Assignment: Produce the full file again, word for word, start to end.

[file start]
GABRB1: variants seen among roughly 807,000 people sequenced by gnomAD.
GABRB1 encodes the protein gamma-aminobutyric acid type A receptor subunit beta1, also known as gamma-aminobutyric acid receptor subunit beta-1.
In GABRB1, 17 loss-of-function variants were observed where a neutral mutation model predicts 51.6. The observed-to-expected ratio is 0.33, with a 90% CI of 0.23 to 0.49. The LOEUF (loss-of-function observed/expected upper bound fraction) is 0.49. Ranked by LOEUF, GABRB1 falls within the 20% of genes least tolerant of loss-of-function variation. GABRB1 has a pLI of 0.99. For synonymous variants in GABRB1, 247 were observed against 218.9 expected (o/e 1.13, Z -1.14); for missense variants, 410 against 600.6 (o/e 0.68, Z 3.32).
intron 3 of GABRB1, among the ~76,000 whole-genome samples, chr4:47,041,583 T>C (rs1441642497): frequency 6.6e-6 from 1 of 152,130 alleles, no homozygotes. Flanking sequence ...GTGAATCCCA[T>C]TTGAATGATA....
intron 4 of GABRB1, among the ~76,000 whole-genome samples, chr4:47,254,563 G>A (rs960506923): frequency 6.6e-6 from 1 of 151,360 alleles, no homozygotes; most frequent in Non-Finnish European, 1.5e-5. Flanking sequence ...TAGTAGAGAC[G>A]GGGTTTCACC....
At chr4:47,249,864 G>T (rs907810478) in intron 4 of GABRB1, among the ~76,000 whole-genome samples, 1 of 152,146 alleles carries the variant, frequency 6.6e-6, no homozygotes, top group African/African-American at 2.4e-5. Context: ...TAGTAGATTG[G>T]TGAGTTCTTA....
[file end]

GABRB1: variants seen among roughly 807,000 people sequenced by gnomAD.
GABRB1 encodes the protein gamma-aminobutyric acid type A receptor subunit beta1, also known as gamma-aminobutyric acid receptor subunit beta-1.
In GABRB1, 17 loss-of-function variants were observed where a neutral mutation model predicts 51.6. The observed-to-expected ratio is 0.33, with a 90% CI of 0.23 to 0.49. The LOEUF (loss-of-function observed/expected upper bound fraction) is 0.49. Ranked by LOEUF, GABRB1 falls within the 20% of genes least tolerant of loss-of-function variation. GABRB1 has a pLI of 0.99. For synonymous variants in GABRB1, 247 were observed against 218.9 expected (o/e 1.13, Z -1.14); for missense variants, 410 against 600.6 (o/e 0.68, Z 3.32).
intron 3 of GABRB1, among the ~76,000 whole-genome samples, chr4:47,041,583 T>C (rs1441642497): frequency 6.6e-6 from 1 of 152,130 alleles, no homozygotes. Flanking sequence ...GTGAATCCCA[T>C]TTGAATGATA....
intron 4 of GABRB1, among the ~76,000 whole-genome samples, chr4:47,254,563 G>A (rs960506923): frequency 6.6e-6 from 1 of 151,360 alleles, no homozygotes; most frequent in Non-Finnish European, 1.5e-5. Flanking sequence ...TAGTAGAGAC[G>A]GGGTTTCACC....
At chr4:47,249,864 G>T (rs907810478) in intron 4 of GABRB1, among the ~76,000 whole-genome samples, 1 of 152,146 alleles carries the variant, frequency 6.6e-6, no homozygotes, top group African/African-American at 2.4e-5. Context: ...TAGTAGATTG[G>T]TGAGTTCTTA....